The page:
Harlem Democratic Congressman Charlie Rangel — forced from his Ways and Means Committee chairmanship earlier this month over ethics charges — faces perhaps the most difficult re-election campaign of his 40-year career in the House in 2010.
Several Democrats have already lined up to face Rangel in the Democratic primary, buoyed by recent House Ethics Committee charges that Rangel violated House rules in taking two Caribbean trips that were funded by corporations with lobbying interests before Congress. Unlike in past reelection campaigns, however, the Democratic primary will not decide the election. A Republican has stepped up to challenge Rangel, and he believes he has a good shot at winning.
Michel Faulker is no stranger to adversity. As a football player at Virginia Tech, he suffered an injury that rendered any hope of a career in professional football all but over. But Faulkner came to New York to try out with the Jets and made the team, playing one season before suffering another – this time career ending – injury. Faulker takes the same determination into his campaign.
“I was the slowest, the shortest, the weakest player in camp,” Faulkner recounts. “But six weeks later I was on the team. I view this campaign the same way. I know what it’s like to come from behind.”
On a conference call with conservative bloggers on Thursday, Faulkner outlined his strategy for winning as a Republican in a district with a Cook Partisan Voter Index of D+41, that gave Barack Obama 93% of the vote in 2008, and has had only two representatives since World War II, Democrats Rangel and Adam Clayton Powell, Jr.
Faulkner said that while the district is overwhelmingly Democratic, just less than 30% of the eligible population is registered to vote. Of that group, Faulkner said less than half actually turns out to the polls. “That should tell everybody something,” Faulkner said, describing what he sees an opportunity to engage with disaffected members of the community.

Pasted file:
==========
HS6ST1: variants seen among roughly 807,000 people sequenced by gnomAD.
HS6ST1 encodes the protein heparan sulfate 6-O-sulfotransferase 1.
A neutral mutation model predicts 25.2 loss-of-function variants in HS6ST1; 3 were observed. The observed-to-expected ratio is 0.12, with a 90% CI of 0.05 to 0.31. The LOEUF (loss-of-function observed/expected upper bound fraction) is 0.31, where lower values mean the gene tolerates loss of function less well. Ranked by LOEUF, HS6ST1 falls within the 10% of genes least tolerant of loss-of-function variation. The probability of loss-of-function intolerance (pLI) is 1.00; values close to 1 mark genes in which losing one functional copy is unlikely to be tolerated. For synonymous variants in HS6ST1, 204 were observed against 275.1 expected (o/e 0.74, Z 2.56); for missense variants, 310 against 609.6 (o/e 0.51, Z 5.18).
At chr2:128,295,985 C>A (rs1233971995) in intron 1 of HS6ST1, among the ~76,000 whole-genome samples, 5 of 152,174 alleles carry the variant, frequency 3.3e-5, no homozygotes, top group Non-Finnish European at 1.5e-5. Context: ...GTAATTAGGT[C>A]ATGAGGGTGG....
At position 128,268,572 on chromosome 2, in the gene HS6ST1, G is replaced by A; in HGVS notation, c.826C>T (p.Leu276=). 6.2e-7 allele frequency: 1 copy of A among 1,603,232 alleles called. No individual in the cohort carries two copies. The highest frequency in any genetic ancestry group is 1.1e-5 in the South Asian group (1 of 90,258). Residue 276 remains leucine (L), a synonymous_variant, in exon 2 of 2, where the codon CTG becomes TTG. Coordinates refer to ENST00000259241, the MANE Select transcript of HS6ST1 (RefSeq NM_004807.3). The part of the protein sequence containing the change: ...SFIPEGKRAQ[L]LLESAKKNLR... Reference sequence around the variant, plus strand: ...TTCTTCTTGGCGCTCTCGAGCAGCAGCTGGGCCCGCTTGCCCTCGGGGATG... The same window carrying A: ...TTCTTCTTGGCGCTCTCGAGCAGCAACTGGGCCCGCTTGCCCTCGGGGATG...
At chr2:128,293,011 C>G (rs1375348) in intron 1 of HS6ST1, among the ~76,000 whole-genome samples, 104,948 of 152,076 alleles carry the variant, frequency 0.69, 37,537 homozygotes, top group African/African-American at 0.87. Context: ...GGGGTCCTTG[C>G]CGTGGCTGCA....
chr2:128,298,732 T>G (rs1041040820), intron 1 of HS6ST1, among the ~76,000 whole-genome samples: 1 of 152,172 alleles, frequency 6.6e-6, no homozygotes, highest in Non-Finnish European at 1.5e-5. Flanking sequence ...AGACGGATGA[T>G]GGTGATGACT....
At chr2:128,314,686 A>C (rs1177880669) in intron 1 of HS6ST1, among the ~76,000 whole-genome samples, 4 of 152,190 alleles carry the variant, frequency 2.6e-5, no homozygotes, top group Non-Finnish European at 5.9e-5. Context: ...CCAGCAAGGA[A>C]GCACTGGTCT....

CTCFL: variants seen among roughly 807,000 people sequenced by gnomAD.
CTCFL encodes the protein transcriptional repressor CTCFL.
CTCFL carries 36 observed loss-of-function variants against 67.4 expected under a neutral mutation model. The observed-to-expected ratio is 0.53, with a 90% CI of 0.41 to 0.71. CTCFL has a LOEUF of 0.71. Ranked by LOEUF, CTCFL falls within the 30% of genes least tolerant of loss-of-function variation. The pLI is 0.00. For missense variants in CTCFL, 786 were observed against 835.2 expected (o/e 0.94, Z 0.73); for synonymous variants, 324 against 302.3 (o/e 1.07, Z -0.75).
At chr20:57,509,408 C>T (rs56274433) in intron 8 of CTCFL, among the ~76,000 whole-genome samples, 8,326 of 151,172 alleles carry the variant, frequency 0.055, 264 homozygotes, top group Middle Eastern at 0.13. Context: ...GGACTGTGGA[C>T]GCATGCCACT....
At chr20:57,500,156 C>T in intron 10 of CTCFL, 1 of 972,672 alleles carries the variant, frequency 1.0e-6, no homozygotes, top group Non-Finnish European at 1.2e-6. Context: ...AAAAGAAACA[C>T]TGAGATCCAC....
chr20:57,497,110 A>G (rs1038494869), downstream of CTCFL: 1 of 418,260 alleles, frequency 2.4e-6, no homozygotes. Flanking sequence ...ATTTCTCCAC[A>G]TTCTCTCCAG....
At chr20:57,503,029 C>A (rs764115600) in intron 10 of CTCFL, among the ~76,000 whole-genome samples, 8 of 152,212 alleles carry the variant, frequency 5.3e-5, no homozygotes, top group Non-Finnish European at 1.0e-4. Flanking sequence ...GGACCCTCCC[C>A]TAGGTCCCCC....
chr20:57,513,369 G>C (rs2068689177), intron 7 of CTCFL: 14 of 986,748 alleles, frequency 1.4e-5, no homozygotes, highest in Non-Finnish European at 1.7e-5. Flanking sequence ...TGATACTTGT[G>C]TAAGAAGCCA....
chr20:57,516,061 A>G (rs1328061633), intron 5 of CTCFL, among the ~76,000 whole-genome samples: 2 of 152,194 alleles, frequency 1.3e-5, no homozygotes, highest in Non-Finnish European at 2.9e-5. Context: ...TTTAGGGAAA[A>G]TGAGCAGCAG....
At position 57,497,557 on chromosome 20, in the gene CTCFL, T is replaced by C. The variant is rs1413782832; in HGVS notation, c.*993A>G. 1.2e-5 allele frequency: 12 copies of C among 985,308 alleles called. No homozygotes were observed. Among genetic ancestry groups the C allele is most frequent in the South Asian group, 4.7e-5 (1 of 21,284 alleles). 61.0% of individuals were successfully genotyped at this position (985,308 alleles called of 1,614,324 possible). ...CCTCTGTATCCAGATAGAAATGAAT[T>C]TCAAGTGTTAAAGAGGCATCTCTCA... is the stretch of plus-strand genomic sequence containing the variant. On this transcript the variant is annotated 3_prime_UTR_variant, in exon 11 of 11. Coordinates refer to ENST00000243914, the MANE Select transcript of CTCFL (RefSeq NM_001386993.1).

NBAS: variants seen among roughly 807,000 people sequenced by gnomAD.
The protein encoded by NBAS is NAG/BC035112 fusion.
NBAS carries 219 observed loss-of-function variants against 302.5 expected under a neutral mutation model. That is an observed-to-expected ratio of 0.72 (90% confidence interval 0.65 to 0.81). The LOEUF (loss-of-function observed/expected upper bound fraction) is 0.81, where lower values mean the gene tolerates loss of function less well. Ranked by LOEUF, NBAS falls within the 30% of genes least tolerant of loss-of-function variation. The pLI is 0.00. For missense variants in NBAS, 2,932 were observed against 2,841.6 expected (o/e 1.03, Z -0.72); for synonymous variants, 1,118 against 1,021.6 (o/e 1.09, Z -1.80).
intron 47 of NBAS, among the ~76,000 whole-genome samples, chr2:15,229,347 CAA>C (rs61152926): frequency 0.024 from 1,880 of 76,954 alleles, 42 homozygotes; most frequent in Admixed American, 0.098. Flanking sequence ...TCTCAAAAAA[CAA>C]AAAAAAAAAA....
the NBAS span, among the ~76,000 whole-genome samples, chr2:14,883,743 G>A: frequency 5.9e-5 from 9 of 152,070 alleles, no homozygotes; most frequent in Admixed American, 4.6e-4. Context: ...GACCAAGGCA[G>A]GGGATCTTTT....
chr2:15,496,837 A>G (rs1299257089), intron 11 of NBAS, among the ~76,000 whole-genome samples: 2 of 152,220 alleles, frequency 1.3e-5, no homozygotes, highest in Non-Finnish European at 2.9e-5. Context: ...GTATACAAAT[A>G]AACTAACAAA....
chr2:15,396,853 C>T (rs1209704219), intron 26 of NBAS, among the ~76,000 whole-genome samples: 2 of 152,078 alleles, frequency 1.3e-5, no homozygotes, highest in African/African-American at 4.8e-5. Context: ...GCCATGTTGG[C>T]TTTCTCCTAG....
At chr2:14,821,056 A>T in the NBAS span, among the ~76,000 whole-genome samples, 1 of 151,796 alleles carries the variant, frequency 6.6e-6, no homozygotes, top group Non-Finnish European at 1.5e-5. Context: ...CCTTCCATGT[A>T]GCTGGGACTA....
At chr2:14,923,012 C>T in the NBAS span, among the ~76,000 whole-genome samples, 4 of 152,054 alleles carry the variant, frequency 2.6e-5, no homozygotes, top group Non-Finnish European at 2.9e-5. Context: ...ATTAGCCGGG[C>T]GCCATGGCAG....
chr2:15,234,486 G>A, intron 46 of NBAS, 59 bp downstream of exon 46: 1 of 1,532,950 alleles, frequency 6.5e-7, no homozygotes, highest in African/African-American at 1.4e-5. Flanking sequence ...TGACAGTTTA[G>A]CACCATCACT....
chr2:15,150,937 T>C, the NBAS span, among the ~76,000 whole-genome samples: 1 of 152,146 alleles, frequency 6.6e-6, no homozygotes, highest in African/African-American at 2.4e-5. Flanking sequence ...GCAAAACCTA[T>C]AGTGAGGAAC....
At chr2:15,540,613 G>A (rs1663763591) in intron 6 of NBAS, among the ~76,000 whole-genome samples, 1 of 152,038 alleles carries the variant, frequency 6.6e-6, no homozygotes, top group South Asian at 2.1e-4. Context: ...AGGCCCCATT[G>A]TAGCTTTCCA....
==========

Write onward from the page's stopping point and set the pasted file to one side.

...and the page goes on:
“We need to ignite the electorate. Just as President Obama won by bringing in a large number of new voters, we need to do that in this district,” he said.
“I’ve never sought political office before, but I was driven to do so now because I’m outraged at…what’s going on with our nation,” Faulkner said. “It’s as if people’s votes don’t count. They’ve grown disconnected from their government because they don’t trust their elected officials. We have a culture of career politicians instead of public servants.”
After his football days, Faulker was drawn to the ministry. Ordained in New York City in 1991, he held various pastoral positions in churches throughout the city until 2006, when he started his own church, Horizon Church of New York in Harlem. Along the way, he has held positions in public service, including places on the Task Force on Police Community Relations under Mayor Rudy Giuliani and the city Board of Education’s HIV/AIDS Task Force. He currently serves as a board member on the New York City Department of Youth and Community Assistance.
His ministerial work and community involvement could give Faulkner a quality that most Republican candidates in Harlem lack: credibility. Combined with Rangel’s ethics troubles, he could prove a more formidable foe than past challengers. Faulker insists that his campaign is not about Rangel; although, he couldn’t resist listing Rangel’s varied ethical problems in a recent New York Post op-ed.
“Unfortunately Mr. Rangel has come to epitomize what is wrong with Washington today,” Faulkner wrote. “His gross underpayment of federal income taxes while chairing the House Ways and Means Committee shows the hypocrisy of our Congress. Furthermore, his occupation of four rent-stabilized apartments (while so many in our community are in desperate need of affordable housing), demonstrates his disconnect from our needs and struggles. It could not be clearer that the people of this city deserve a new direction and need new leadership.”
Rangel was first elected to Congress in 1970, beating the legendary Powell in the Democratic primary. Powell had been beset by ethics scandals, just as Rangel is now. Forty years later, Faulkner looks for history to repeat itself. With new voters, a bit of luck, and a healthy dose of determination, Faulkner hopes he too can bring down an establishment congressman in Harlem.